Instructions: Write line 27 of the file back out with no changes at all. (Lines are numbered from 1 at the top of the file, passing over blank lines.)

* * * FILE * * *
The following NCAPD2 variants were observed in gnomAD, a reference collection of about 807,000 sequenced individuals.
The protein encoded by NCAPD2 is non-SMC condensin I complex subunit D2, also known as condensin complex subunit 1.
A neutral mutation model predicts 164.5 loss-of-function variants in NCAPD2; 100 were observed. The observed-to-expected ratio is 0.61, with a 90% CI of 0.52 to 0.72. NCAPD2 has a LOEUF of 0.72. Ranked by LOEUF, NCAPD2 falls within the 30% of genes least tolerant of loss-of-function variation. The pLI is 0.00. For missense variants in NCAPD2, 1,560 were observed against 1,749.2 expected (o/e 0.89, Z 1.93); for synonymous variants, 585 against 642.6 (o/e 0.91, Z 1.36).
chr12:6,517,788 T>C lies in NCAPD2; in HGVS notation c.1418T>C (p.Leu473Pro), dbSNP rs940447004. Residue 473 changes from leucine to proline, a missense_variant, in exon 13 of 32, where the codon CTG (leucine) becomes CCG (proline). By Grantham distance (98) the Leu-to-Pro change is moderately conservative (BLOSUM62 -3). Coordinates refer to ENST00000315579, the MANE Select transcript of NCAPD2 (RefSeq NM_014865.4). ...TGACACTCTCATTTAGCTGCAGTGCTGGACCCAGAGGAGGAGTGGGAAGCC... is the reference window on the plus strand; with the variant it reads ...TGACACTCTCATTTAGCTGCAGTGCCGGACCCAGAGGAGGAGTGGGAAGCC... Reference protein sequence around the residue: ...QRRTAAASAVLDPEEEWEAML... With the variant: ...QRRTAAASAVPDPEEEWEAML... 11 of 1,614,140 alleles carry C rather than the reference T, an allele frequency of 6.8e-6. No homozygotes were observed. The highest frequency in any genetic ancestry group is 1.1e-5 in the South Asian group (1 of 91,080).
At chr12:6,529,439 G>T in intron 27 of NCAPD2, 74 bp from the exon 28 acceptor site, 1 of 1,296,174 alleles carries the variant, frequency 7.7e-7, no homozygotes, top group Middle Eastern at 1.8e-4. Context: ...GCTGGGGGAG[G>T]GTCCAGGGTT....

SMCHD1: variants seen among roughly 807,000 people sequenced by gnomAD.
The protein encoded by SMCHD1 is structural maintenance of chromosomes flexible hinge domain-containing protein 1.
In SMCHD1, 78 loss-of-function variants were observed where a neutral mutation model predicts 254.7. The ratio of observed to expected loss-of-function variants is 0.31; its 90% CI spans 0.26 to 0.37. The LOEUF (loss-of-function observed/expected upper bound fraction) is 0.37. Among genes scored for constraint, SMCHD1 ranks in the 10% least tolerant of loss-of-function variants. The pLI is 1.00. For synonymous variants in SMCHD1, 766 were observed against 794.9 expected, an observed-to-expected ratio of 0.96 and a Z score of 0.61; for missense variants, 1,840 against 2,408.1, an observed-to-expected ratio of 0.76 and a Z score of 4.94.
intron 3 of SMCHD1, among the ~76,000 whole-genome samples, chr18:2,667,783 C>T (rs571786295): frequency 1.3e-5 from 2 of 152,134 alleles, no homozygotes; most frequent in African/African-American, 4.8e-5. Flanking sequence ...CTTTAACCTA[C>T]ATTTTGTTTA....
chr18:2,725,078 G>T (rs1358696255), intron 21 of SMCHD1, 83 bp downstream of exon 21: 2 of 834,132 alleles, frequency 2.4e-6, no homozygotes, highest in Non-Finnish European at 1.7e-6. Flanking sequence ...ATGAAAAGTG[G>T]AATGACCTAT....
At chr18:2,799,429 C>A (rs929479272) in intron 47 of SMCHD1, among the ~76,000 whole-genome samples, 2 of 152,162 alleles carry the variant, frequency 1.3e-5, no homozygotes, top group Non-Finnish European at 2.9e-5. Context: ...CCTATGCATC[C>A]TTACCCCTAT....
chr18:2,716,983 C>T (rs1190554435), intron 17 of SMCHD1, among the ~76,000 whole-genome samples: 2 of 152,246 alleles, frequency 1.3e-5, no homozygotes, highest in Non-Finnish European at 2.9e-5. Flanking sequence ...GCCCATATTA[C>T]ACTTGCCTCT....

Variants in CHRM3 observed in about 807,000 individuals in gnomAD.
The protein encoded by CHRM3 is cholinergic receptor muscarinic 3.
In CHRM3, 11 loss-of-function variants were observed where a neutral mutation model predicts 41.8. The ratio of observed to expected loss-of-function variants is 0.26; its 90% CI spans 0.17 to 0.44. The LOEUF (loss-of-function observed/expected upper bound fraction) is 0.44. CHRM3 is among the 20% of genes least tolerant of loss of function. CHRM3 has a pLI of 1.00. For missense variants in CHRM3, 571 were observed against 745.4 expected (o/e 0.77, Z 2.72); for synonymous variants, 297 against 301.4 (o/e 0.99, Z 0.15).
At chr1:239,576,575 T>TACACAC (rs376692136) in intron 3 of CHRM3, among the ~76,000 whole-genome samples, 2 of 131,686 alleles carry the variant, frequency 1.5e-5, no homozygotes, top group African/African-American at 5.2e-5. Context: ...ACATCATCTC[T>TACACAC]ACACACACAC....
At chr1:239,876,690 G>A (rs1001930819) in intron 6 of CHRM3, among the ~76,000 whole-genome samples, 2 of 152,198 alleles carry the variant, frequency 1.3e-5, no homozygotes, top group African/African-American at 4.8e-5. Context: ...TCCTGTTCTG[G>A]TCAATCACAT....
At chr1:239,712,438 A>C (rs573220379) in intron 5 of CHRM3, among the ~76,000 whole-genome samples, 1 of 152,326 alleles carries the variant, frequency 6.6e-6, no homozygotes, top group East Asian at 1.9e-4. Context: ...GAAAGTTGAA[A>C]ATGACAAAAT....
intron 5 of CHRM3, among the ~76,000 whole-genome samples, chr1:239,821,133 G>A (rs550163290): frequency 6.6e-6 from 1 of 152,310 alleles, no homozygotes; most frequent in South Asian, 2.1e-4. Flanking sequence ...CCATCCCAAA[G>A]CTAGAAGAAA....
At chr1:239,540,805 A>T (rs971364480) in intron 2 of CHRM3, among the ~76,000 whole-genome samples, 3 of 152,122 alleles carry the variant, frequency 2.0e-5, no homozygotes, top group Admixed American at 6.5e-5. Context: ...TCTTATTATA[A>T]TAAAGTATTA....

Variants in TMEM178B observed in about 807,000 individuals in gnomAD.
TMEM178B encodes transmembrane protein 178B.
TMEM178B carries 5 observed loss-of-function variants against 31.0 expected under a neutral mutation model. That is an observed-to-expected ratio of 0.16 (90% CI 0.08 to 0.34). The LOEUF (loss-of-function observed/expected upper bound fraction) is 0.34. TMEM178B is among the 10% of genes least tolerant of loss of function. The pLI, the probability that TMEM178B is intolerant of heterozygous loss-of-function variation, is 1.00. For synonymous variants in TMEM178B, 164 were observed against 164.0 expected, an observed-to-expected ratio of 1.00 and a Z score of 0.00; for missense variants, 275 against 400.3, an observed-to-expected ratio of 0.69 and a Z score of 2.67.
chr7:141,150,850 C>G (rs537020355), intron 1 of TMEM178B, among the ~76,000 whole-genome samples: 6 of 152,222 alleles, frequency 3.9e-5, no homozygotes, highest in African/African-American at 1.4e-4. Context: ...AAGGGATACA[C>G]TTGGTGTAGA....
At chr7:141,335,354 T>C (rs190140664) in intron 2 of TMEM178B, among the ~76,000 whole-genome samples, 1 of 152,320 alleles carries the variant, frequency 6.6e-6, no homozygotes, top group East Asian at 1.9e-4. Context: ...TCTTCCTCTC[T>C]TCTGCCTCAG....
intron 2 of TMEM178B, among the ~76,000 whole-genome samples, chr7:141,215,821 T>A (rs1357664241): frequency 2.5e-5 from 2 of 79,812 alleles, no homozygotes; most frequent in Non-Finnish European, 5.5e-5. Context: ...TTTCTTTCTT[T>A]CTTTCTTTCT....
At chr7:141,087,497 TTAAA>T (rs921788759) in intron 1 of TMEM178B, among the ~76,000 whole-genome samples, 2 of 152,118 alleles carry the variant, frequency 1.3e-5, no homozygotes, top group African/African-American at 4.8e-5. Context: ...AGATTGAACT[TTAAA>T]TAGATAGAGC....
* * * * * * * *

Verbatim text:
At chr7:141,087,497 TTAAA>T (rs921788759) in intron 1 of TMEM178B, among the ~76,000 whole-genome samples, 2 of 152,118 alleles carry the variant, frequency 1.3e-5, no homozygotes, top group African/African-American at 4.8e-5. Context: ...AGATTGAACT[TTAAA>T]TAGATAGAGC....